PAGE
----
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Father’s Day is on Sunday and, this year, Americans will spend $15.3 billion dollars on dad, second only to the $15.5 billion that we spent in 2017. Meanwhile, I’m sitting here empty-handed and feeling guilty.
The truth is, it’s hard to figure out what to get for a guy who’s already got a gas grill, a fully-loaded tie rack and zero interest in golf. In fact, in my entire life, there was only one time that I felt sure my gift would be a home run (which means he’s already got a monogrammed, silver pen).
As I was thinking about what would make my dad happy, truly happy, something struck me—I’ve never seen him smile more than when he sees that I’m happy and doing well. Reflecting back on the many life lessons that he’s taught me over the years, it’s easy to see that his mission, all along, was to help me achieve both.
I’m still not sure what I’ll get him for Sunday, but I’d like to share my gratitude (thanks, dad!), plus four of the nuggets that have helped me most over the years.
Google wasn’t around when I was little, which meant that, if I asked my dad a question, he didn’t waste a millisecond before sending me off to fetch the correct volume of our encyclopedia. It was in that millisecond that I often regretted asking. I mean, which of these red and gold books was the right one? Alphabetization, bleh. And there was no escape, he’d demand the answer.
That’s just one example of how my dad insisted that I learn to be self-sufficient. (Don’t even get me started about the lessons in paper maps that I received as a newly minted, licensed driver.)
But, even though encyclopedias and paper maps are obsolete, the lesson is as timely as ever. On my most stressed-out days, I still find great comfort in the realization that it’s OK to not have all the answers. All I have to do is dig in, ask the questions and look for solutions. I can do it.
… pretty sure it’s this lesson that lead me to YNAB when I was wondering how on earth I’d ever pay off all of my student loans.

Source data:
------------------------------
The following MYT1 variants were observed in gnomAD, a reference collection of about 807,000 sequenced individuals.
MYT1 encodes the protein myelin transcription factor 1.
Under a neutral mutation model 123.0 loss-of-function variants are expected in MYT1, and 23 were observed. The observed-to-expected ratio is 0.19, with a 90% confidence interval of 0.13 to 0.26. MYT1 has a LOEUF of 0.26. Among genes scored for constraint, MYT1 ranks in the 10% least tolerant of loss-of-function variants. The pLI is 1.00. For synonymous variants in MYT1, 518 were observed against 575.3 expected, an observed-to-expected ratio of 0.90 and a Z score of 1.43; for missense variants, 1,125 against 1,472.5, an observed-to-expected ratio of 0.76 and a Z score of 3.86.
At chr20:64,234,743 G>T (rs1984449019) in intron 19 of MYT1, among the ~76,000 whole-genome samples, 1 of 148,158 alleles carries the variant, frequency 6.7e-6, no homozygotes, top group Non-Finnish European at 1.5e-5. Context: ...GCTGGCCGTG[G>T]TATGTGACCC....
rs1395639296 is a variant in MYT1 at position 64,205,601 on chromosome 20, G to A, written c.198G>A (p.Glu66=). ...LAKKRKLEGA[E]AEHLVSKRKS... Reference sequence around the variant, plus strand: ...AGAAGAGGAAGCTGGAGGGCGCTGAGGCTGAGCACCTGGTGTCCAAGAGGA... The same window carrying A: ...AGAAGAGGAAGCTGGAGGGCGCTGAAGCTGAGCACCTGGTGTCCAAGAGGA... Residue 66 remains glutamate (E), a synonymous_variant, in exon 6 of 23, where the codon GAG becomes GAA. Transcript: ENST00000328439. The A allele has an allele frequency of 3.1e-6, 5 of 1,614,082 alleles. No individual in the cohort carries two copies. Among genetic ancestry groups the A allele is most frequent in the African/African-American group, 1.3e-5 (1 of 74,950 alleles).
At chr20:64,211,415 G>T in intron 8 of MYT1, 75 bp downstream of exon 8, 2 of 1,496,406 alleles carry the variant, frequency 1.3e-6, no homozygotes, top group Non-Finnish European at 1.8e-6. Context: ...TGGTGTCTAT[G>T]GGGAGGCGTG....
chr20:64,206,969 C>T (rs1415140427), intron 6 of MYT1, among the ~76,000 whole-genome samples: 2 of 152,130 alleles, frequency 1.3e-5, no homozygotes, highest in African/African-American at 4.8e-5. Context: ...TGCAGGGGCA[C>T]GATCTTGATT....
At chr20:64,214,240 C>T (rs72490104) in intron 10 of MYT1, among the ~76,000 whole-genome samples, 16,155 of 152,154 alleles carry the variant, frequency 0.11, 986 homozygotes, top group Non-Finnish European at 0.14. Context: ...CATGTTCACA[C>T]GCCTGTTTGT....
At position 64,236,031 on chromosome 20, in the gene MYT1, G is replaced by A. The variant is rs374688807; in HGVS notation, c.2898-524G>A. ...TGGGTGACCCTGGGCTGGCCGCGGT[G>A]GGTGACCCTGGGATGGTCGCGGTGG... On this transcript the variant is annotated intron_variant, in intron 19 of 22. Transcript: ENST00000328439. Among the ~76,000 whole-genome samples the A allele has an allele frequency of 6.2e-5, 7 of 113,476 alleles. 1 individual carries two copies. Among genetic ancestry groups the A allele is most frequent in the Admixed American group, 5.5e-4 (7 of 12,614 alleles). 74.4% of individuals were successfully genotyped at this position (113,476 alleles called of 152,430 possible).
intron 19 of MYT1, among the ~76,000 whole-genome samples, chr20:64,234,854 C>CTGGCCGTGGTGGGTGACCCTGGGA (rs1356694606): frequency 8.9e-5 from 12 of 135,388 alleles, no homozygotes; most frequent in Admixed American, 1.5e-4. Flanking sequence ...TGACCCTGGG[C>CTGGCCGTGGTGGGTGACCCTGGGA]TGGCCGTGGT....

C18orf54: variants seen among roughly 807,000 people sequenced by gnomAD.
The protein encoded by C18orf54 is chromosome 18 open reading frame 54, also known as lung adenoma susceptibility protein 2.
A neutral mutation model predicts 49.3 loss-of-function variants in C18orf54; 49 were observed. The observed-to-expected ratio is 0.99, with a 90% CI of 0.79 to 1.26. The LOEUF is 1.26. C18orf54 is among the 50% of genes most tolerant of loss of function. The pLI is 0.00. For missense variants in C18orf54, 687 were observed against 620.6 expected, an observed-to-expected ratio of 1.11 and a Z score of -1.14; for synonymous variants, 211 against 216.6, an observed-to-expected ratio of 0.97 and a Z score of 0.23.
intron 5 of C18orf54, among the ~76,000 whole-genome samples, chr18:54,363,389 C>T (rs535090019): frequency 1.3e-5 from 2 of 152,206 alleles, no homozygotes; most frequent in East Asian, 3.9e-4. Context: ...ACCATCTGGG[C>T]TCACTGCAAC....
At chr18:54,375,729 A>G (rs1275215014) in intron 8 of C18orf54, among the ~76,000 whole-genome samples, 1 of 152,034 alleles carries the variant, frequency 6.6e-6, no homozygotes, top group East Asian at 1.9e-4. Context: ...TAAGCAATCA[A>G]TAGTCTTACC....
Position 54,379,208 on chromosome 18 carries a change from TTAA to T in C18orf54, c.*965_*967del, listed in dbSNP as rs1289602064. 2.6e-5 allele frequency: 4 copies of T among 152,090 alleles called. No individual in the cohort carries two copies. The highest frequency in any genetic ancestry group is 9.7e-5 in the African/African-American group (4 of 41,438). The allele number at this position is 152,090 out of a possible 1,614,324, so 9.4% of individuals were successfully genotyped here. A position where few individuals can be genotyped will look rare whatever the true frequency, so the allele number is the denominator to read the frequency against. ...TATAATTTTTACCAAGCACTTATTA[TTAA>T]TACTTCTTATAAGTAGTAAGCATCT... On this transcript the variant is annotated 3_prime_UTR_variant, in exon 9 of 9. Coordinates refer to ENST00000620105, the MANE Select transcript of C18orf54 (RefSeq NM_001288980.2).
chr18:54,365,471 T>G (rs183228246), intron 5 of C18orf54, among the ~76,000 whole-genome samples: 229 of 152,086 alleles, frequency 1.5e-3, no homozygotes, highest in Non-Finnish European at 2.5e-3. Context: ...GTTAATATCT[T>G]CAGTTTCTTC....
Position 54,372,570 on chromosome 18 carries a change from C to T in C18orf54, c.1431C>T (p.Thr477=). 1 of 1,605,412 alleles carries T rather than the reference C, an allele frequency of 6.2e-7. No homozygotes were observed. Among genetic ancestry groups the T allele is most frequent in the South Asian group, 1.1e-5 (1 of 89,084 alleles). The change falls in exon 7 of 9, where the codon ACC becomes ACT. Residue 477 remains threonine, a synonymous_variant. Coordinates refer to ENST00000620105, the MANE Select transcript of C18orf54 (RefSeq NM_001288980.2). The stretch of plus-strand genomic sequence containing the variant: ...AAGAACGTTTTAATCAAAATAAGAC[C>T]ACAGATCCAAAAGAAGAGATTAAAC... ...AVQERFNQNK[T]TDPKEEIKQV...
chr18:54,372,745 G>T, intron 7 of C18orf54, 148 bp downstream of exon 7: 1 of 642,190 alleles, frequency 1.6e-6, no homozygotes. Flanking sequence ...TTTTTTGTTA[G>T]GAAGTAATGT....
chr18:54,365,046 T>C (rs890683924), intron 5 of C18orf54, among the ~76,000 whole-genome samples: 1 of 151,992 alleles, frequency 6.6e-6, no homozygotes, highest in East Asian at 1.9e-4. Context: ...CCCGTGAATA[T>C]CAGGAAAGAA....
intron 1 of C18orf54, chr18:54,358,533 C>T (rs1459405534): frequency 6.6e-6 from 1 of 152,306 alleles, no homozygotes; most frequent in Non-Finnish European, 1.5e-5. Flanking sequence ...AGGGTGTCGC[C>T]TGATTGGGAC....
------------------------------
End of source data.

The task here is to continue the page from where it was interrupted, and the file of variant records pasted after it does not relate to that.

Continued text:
One of my dad’s favorite truisms is “When the going gets tough, the tough get going.”
His mom said it to him, and I can’t tell you how many times he repeated it to my brother and I. Got it. Don’t give up. When life’s tough, be tougher.
And I have to admit it: Doing hard things has paid off in numerous ways, from building deeper connections with friends to earning my degrees, I’ve tackled things that I definitely wanted to quit and managed to come out on top.
So, thanks, Dad. All of those challenges have made me so much more likely to keep going when things aren’t easy, and I’m more resilient for it. (This one’s why, one day, I’ll actually finish paying off those student loans.)
You don’t have to actually hear my dad say this, to see that it’s how he lives life—although, if you spend time with him, you certainly would hear him say it. From his polished wing tips to his freshly waxed car, my dad has an eye for details. And all in the name of being prepared and using resources wisely.
Cars, houses, clothing, furniture? They all last longer when you treat them with care. And that means more money in your pocket. Plus, you’re less likely to end up with three hammers when your tools are properly organized and inventoried, right? Right?
… and this attention to detail extends to money management. My dad’s had me balancing a checkbook register, to the penny, every month since I was twelve. I have to admit it, that kind of awareness has really saved my bacon on several occasions.
Finally, I remember standing on stage with my classmates, in front of a sea of parents in the audience, with an astronomical case of stage fright. Then I spotted my folks, and there was my dad. He had a pointer finger aimed at each corner of his mouth, eyes raised wide, as he mouthed the word, “Smile!”
Of course, I did, and it eased my fears (even if I was a little embarrassed at how big my smile had grown). And, yes, this happened more than once. But what a lesson, right? Life can be scary—facing it with a smile really helps.
Dad, if you’re reading this—see? You probably didn’t think anything you ever told me stuck, right? Well, that’s four things, and they mean the world to me. I bet Matt could only remember a couple, three tops. So, just remember that, if he sends you a present this weekend. Deal?
Remember, budgeting is not restrictive. You won’t be spending less, you’ll be spending right. You can do this! Today. Right now. What do you have to lose? Except all that debt and stress. (Ok, so kind of a lot.)
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